The Cozy, Welcoming Side Of Wenatchee

I’ve lived in the Puget Sound my entire life.  As thus, I have stereotypes of many places around the state of Washington.  Forks is wet.  Sequim is full of old people and sunshine.  Pullman is a college party town.  Wenatchee is hot, dry and industrial.

It turns out I have a lot to learn about this state, especially Wenatchee.  In gathering information for an upcoming article covering Mission Ridge’s Ski Patrol in Washington Magazine, I was hosted by the folks of Wenatchee Valley Visitors Bureau for a quick overnight in the city before heading to the slopes.  Honestly, I thought I’d be put up in a Best Western.  I mean, Leavenworth, just 25 minutes away, is the cute, charming gem of the area with romantic inns, riverside B&Bs and enough cuteness to make a basket of kittens jealous.

First surprise; Huckleberry Haven B&B.  The directions placed this B&B in a residential area of town, away from the bustle of the strips malls, auto shops and fast food joints.  +1 for the HHB&B.  Easy to find if you know it’s there, the B&B is taken care of by Ian and Rush Leslie, quintessential hosts radiating warmth and a welcoming smile.   If you have run the B&B circuit in any part of the US, you get to know who absolutely loves their job and who kinda likes it.  Ruth and Ian love their small, three unit B&B and it shows.  They also seem nuts about bears, tea and huckleberries.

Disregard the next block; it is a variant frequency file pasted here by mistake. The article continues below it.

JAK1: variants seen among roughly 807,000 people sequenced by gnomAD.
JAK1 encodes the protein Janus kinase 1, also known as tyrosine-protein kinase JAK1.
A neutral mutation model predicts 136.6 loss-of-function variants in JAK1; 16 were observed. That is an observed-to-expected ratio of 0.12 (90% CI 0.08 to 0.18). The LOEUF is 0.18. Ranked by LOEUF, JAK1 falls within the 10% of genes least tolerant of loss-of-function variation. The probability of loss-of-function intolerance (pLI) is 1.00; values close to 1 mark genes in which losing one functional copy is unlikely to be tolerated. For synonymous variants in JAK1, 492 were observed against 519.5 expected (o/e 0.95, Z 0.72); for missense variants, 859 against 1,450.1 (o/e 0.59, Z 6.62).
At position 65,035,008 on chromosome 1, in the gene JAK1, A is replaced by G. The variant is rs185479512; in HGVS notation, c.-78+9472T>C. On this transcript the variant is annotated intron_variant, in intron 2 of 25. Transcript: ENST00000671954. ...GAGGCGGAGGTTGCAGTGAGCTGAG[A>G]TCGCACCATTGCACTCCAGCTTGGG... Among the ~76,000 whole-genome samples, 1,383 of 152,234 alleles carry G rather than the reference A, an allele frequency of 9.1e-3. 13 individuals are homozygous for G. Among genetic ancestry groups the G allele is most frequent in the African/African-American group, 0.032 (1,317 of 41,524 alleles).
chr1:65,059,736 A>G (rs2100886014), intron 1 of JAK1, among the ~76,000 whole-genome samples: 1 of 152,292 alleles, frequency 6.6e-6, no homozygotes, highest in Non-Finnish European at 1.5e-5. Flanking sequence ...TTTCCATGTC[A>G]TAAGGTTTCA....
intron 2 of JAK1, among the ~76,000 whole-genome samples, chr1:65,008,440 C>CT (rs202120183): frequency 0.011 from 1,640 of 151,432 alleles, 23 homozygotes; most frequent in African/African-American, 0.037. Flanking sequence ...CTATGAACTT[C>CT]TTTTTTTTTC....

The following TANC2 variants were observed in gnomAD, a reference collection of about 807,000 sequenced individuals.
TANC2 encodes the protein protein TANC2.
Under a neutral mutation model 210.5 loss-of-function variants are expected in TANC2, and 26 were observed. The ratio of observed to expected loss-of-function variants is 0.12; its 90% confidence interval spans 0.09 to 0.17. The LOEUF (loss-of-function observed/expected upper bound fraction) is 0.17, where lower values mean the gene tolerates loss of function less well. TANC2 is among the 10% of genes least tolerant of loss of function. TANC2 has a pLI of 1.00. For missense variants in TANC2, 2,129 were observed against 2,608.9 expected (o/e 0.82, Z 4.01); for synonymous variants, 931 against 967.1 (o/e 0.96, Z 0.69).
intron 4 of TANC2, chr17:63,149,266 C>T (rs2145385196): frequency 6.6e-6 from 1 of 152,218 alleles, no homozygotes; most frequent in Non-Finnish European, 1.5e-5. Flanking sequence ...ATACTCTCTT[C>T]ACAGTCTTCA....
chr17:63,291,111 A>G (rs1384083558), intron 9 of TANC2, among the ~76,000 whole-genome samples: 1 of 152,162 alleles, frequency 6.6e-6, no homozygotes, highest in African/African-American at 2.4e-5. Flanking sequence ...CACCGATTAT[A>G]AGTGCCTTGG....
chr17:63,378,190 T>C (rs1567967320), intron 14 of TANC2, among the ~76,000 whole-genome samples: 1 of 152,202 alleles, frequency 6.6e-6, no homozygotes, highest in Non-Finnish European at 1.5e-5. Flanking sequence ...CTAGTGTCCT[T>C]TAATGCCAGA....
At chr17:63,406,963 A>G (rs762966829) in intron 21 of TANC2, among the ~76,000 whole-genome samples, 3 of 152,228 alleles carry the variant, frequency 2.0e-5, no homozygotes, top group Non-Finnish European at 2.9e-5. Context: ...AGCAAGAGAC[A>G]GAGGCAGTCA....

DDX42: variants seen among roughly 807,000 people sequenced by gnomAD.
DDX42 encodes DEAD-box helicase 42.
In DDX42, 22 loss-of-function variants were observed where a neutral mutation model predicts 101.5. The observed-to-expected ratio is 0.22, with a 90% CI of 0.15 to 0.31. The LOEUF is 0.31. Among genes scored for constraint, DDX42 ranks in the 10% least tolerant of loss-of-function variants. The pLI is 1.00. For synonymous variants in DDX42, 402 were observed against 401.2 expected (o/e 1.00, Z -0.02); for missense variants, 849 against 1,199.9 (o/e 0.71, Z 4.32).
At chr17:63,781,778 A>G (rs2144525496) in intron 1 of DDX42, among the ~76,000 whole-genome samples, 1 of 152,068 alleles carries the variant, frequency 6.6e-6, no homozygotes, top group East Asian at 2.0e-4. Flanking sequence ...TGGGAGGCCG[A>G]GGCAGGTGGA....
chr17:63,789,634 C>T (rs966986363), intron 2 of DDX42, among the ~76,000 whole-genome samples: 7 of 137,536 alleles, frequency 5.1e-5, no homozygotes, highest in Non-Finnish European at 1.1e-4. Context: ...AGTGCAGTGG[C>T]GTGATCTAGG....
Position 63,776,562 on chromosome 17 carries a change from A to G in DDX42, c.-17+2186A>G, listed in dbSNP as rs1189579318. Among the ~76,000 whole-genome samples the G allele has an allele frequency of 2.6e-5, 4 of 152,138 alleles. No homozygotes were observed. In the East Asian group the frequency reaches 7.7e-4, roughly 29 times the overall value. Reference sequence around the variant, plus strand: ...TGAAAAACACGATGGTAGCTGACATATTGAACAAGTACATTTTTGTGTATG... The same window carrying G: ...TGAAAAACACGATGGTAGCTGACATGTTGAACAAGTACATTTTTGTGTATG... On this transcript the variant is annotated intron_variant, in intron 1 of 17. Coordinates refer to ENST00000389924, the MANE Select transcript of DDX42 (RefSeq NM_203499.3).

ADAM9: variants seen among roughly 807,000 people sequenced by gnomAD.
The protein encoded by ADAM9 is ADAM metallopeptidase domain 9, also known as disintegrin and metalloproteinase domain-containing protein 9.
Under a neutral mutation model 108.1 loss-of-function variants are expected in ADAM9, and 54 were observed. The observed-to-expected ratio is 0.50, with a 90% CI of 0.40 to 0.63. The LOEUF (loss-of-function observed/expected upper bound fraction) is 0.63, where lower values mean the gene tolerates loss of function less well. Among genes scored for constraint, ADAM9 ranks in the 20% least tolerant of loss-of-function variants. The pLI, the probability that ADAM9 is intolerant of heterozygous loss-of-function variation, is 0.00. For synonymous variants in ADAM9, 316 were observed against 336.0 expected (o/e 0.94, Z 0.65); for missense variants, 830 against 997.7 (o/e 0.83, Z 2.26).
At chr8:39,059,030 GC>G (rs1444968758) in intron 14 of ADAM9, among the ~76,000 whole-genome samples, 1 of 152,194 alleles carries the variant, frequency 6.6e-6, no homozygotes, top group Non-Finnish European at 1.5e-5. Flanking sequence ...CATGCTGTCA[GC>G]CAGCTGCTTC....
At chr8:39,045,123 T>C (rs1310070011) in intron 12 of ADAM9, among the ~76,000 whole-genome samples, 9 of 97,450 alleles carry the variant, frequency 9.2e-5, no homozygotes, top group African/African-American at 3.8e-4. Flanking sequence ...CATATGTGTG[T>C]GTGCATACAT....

The Saddlerock Suite, our room for the night, is a home away from home.  A full kitchen and bath give this one room accommodation all that is needed to hole up for a night or a week.  The queen sized bed is complimented with a pull out sofa, making it work for families of four or a pair of couples traveling the wine country together.  A roll-a-way is also available if siblings just can’t share. Head to a local grocery store and stock up the full sized fridge as the kitchen is fully equipped.  There is even a washer and dryer in room to refresh your laundry before heading out.

The room is comfy in a woodsy type of way; stuffed bears nestle into the reading nook and are painted above the kitchen sink, an electric fireplace, while nothing like the real thing, gives a cabin feel and the view from the wide, private deck across the neighboring orchard and valley is becalming.  All the B&B niceties are including as well as huckleberry chapstick (this IS the dry side of the state, after all).  And don’t worry, the rooms have satellite TV and WIFI to help keep you connected if that’s your thing.

Breakfast; scrumptious.  I’m no food critic, I just know what I like.  And I loved the huckleberry muffins.  As we were the only guests this morning, we had our pick of options.  Ian and Ruth present a fine meal and asked about dietary restrictions beforehand, customizing the meal as needed.  The dining also doubles as a tea room during the day (the couple hosts a number of tea parties for those young and old in town) and, for those into the tea scene, is ultra cute. It’s not my normal gig, the cute tea room, but Sabrina loved it and wants to go back just for a high tea.  By that measure, the decor is a success.